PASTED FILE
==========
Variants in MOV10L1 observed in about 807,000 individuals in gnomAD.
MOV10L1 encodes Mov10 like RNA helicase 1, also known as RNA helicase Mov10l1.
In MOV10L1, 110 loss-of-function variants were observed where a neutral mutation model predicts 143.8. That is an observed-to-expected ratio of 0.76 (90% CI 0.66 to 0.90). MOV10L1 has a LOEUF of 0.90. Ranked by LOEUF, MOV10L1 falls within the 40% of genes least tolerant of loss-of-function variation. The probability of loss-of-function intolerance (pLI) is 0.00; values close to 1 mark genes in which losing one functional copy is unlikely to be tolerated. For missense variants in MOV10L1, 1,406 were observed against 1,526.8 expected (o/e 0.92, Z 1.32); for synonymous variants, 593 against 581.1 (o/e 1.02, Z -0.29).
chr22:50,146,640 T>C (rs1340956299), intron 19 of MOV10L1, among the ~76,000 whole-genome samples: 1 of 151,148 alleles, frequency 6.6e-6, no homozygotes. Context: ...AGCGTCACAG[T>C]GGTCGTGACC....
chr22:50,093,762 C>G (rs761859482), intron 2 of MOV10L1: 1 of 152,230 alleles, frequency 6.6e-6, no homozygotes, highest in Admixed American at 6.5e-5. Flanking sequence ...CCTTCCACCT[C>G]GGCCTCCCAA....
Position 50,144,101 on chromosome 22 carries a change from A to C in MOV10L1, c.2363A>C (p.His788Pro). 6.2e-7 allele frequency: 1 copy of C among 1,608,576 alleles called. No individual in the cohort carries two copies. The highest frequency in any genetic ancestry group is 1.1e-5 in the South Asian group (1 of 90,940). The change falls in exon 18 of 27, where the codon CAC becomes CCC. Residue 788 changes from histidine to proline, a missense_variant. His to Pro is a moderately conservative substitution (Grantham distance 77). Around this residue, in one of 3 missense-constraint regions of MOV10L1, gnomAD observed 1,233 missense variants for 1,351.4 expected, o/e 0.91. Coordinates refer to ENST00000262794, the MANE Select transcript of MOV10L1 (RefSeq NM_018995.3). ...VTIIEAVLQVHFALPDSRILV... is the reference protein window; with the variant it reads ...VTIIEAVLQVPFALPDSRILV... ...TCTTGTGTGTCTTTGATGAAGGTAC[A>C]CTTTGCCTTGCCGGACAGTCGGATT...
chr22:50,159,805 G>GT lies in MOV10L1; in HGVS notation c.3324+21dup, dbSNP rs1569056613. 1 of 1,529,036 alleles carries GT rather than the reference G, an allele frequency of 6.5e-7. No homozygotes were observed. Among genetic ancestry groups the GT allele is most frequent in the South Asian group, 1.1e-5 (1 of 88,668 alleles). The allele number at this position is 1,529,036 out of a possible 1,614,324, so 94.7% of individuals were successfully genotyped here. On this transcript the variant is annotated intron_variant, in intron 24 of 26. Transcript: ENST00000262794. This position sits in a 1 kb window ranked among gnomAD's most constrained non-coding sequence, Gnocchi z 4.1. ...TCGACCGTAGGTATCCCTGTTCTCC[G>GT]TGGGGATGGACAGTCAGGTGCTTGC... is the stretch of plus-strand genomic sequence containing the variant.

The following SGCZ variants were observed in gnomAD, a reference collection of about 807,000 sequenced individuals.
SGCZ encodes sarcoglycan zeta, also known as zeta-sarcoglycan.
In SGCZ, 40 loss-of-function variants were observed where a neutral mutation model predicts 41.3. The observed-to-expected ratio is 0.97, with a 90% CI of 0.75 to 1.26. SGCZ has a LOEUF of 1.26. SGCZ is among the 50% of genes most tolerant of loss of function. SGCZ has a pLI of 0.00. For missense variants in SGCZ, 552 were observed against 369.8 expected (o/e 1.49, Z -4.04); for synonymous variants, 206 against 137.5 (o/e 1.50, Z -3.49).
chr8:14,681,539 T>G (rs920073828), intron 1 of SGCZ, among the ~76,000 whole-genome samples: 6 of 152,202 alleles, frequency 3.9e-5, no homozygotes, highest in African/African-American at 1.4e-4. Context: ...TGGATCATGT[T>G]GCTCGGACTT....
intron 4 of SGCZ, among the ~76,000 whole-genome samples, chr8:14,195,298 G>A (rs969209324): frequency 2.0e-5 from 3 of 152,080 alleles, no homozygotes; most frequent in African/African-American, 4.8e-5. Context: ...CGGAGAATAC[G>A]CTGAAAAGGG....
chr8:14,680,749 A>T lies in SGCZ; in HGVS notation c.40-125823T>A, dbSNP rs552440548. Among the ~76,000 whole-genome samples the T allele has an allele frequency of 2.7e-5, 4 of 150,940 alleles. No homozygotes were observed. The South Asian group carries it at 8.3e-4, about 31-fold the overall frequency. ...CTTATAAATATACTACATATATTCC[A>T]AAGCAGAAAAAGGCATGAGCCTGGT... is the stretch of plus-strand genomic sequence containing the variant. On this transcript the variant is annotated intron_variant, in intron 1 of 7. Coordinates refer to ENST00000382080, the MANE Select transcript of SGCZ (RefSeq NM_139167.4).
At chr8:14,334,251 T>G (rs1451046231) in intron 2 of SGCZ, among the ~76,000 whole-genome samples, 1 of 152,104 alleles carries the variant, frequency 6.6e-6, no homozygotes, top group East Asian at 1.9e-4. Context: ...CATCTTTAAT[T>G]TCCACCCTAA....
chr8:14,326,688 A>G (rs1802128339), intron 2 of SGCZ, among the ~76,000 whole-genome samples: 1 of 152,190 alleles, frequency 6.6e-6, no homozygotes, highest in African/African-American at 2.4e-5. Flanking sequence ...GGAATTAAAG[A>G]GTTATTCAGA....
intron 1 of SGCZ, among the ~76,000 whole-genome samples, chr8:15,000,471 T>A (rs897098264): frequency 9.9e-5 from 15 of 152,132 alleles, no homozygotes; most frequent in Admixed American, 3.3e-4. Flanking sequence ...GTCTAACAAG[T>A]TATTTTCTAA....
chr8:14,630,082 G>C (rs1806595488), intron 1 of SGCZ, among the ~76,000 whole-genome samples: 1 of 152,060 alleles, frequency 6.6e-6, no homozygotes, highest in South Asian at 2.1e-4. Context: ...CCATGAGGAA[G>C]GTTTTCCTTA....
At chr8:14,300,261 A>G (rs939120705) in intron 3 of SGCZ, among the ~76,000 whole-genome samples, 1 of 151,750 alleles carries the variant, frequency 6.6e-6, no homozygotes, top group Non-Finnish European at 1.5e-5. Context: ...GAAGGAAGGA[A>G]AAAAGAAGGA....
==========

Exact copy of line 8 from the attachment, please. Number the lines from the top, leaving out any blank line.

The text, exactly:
The following SGCZ variants were observed in gnomAD, a reference collection of about 807,000 sequenced individuals.